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Mid–late Quaternary fluvial archives near the margin of the MIS 12 glaciation in southern East Anglia, UK: amalgamation of multi-disciplinary and citizen-science data sources

Mid–late Quaternary fluvial archives near the margin of the MIS 12 glaciation in southern East Anglia, UK: amalgamation of multi-disciplinary and citizen-science data sources
Mid–late Quaternary fluvial archives near the margin of the MIS 12 glaciation in southern East Anglia, UK: amalgamation of multi-disciplinary and citizen-science data sources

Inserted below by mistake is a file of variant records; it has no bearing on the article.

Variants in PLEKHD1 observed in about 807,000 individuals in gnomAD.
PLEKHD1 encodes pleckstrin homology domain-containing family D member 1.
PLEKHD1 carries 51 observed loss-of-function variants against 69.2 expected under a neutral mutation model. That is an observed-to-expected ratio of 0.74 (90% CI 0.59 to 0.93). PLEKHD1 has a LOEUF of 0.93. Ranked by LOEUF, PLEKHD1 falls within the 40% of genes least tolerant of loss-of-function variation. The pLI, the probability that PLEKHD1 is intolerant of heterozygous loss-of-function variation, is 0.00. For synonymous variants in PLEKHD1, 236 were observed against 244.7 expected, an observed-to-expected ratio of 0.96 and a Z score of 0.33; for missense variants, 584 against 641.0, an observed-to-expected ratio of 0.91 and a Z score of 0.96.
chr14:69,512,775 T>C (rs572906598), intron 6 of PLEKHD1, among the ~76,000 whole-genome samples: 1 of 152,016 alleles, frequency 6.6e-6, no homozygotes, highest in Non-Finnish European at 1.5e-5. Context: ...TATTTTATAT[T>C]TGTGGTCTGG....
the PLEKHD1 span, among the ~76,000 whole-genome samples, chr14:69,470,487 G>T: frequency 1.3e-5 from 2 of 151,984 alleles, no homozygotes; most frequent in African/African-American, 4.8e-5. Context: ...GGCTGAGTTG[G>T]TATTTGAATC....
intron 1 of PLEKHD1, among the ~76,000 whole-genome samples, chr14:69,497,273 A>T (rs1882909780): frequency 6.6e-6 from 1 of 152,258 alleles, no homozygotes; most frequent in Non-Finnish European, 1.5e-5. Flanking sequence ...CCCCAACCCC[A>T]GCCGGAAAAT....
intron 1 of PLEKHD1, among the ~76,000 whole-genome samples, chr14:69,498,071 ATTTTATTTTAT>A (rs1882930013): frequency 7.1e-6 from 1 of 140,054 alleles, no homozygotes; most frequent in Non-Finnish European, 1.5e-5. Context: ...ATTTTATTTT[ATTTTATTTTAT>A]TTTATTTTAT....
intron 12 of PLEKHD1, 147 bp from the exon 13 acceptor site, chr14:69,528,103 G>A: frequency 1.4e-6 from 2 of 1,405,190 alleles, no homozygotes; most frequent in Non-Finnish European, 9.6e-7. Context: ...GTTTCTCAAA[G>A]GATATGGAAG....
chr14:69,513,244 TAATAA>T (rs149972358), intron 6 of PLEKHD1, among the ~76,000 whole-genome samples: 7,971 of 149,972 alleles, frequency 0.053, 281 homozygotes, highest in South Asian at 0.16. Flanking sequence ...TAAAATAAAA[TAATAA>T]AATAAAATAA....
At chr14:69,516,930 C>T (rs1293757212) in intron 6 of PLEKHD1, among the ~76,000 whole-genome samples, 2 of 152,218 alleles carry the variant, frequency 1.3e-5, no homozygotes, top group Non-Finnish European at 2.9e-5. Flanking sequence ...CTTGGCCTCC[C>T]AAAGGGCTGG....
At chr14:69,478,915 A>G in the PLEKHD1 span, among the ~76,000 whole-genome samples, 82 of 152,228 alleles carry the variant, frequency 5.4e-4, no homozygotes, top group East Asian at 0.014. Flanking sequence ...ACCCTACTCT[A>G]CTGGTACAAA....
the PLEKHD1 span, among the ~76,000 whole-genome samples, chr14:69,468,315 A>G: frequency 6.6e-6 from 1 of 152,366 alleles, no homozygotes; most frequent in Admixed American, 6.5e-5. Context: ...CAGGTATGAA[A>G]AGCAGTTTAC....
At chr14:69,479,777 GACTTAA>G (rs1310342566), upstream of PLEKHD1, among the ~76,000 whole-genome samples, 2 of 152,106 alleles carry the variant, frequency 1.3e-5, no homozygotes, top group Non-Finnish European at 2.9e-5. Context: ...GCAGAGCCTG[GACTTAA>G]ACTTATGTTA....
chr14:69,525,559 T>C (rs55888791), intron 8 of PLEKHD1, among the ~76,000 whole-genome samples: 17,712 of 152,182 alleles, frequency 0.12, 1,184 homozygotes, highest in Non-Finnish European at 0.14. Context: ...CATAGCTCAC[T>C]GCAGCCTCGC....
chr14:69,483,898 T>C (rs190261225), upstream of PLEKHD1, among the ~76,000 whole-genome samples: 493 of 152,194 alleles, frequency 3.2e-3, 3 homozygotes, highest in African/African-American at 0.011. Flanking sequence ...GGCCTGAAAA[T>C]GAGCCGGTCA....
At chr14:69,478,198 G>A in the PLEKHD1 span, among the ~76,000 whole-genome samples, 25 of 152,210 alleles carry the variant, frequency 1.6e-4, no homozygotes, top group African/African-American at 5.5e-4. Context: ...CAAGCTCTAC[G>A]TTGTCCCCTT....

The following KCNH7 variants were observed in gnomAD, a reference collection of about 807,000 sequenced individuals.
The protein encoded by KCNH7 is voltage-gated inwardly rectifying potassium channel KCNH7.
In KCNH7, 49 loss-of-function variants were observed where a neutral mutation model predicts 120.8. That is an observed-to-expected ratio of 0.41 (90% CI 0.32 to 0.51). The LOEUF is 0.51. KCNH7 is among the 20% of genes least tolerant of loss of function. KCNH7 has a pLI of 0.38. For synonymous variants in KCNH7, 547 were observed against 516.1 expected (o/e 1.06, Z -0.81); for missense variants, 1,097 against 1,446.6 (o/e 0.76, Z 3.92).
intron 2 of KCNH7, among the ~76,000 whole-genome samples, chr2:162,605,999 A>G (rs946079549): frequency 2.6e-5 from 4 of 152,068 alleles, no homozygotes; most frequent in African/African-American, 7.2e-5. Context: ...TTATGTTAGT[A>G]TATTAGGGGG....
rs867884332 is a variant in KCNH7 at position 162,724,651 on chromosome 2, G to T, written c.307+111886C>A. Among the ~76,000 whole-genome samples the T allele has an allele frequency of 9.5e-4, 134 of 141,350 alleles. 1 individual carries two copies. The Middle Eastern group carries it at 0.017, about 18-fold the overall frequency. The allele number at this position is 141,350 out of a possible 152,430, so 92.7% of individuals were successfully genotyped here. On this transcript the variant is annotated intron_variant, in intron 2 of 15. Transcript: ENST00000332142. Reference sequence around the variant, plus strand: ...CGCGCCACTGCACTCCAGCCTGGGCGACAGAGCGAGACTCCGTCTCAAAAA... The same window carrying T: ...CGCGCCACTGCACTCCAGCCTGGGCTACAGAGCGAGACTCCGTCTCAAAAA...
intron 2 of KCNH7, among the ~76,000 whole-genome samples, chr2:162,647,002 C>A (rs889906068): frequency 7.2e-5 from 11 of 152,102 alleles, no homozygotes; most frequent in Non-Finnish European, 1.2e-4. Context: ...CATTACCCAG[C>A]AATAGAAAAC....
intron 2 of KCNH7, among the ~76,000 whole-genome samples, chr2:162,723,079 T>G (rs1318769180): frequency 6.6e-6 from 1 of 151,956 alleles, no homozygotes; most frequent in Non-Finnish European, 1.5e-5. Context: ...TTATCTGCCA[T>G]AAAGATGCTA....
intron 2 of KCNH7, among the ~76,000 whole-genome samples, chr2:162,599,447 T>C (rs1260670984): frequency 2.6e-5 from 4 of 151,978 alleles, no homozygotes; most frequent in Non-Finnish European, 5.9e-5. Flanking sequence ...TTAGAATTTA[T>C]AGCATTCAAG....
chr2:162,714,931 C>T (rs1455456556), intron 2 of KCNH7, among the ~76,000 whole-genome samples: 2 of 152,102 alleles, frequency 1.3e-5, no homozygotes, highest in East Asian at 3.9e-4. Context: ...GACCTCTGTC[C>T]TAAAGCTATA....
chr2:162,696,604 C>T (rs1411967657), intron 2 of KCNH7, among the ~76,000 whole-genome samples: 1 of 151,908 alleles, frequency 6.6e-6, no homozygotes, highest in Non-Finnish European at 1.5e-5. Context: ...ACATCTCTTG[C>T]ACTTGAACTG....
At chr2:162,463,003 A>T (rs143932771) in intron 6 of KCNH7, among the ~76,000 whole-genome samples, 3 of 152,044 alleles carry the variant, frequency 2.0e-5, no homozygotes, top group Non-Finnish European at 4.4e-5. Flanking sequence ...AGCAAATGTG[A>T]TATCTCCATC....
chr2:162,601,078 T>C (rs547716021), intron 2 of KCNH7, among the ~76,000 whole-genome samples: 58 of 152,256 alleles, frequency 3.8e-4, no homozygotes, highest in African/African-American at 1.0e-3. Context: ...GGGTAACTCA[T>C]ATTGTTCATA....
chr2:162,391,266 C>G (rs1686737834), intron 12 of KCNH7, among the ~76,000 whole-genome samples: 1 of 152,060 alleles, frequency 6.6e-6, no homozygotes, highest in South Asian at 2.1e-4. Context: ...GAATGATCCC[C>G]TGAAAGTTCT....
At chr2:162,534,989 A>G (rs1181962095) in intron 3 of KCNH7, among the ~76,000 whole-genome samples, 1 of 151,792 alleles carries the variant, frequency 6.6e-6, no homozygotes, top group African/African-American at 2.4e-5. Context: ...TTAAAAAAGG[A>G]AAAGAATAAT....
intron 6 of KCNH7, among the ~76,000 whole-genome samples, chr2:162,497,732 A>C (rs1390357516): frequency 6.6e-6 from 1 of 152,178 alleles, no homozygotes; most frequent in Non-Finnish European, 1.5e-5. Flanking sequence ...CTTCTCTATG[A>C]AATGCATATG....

This paper presents an updated geological reconstruction of the Quaternary evolution of the River Thames at its downstream extremities, close to the North Sea coast, based on new data from multi-disciplinary and citizen-science sources. In this area, the interaction of the Thames with the MIS 12 (Anglian) glaciation is an important part of the Quaternary archive. The Anglian ice sheet, which reached parts of north and east London, was responsible for diverting the Thames southwards into its present course, although the footprint of the maximum ice sheet(s) does not reach the North Sea coast south of Hollesley, Suffolk. Further south, the coastal zone hosts pre-Anglian and early Anglian river-terrace deposits of the pre-diversion Thames system, superimposed upon which are products of later post-Anglian rivers, of both Middle and Late Pleistocene age. On the peninsula between the Stour and Blackwater–Colne estuaries, the lowest and most recent terrace of the pre-diversion Thames includes evidence directly pertaining to the glacial disruption event, for which geochronological data are reported here for the first time. The first post-diversion terrace of the Thames also reaches this peninsula, the river having essentially re-joined its original valley before crossing the alignment of the modern coastline. This terrace passes beneath Clacton-on-Sea, where it includes the type locality of the Clactonian Palaeolithic Industry. The area of interest to this paper, in NE Essex and southern Suffolk, includes a number of interglacial and Palaeolithic sites, the data from which assist in constraining the chronostratigraphy of the sequence. In some cases, there has been uncertainty as to whether these sites represent pre-Anglian environments and hominin occupations, part of the palaeo-Thames sequence, or whether they are the product of later post-Anglian streams, formed after the Thames had migrated southwards. This paper compiles evidence from a wide range of recent sources, including developer-funded archaeological appraisal and citizen-science activities, to explore and update the evidence from sites at Ipswich, Upper Dovercourt and Thorpe-le-Soken, as well as a number of localities associated with the Clacton Channel Deposits (host to the type-Clactonian), amongst others. The resulting new data are placed within the wider context of the Quaternary fluvial archives in southern Britain, with a discussion of how disparate sources of information, including the work of citizen scientists, have contributed.